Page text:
Some days, your luck works for you. This day, the weather was nice, the light working for me and there were things to photograph at all sorts of scales, colours and degrees of image complexity.[Read more…] about Local Photo Walk
Yeasts as carbon dioxide strippers. What a concept! Suddenly you are thinking of National Collection of Yeast Cultures in Norwich or the Center for Bread Flavour outside Brussels? Wrong countries. I’m thinking of Austria. But first, we’ll need to go to the UAE, Oman and Cyprus where you might be able to see rocks soaking up CO2.
What is yellow? The autumn leaves of the Ginkgo biloba on our back deck are yellow. After a lineage of more than two hundred million years, we may have first encountered it as an occasional leaf appearing imprinted on the coal we burned in our fireplaces. You may know that botanists classify plants into five groups. You may not know that in one of those groups, there is just one curiously different, lonely surviving species, Ginkgo biloba. It seems a bit unfair that the lone-member ginkgo ended up in two small pots in my homes, one the coal scuttle of my youth, the other a planter currently in our suburban garden.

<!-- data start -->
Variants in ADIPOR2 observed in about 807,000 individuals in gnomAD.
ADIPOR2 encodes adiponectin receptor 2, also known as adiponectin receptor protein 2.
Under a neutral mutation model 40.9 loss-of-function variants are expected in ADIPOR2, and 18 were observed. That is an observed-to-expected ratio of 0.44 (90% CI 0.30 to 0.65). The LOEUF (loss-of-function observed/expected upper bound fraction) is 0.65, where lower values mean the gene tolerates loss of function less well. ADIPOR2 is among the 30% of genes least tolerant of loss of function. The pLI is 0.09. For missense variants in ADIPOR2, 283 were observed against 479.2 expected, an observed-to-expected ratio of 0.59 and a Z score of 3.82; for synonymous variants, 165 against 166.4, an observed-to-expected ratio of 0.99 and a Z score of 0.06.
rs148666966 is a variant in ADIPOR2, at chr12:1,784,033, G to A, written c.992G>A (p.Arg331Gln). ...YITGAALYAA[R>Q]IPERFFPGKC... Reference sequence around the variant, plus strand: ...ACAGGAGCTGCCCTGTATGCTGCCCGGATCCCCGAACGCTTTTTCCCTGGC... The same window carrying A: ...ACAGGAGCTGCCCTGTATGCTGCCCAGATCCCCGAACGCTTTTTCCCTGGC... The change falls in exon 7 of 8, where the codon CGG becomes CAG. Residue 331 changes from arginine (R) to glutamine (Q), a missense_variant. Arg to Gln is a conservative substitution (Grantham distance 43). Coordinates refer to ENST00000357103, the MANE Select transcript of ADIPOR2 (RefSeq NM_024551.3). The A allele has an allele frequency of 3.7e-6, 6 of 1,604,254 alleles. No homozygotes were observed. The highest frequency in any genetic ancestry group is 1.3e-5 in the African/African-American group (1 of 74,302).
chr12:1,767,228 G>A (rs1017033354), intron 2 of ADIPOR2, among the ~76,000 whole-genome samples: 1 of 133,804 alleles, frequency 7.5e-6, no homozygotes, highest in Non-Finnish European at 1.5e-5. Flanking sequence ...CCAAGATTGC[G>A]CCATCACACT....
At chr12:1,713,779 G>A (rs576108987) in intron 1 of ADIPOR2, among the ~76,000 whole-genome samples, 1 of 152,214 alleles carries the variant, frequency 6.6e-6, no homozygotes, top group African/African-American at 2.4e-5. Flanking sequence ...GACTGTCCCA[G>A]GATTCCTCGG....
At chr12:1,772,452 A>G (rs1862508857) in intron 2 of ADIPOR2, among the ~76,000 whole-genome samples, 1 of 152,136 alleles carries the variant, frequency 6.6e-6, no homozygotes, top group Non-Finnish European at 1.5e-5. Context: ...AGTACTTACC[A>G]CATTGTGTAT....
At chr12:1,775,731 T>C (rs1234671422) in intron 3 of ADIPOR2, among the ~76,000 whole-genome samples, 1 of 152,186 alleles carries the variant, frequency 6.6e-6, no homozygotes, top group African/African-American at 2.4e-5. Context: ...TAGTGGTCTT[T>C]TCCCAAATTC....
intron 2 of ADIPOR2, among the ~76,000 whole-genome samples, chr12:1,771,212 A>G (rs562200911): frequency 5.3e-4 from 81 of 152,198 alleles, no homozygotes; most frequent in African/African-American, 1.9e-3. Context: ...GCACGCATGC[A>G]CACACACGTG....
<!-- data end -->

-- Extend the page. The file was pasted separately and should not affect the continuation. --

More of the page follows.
Sometimes you travel a long way to see more than rain. Best bring an umbrella because the destination should be better than the journey.
It seems I was wrong about how sunflowers transport their water to the tip of the plant. I have just read that science doesn’t really know how a tree transports water from the soil to the crowns of trees. Ask yourself the simple question I forgot to ask: how does the world famous redwood called Hyperion get water to its crown 115 m above the ground? It must be properly hydrated given that it’s over 900 years old.
People say that Wordsworth wrote in praise of the early morning in London, saying that ‘Earth has not anything to show more fair’. That was in 1802, half a century before before the The Great Stink changed the way London used the River Thames for waste management.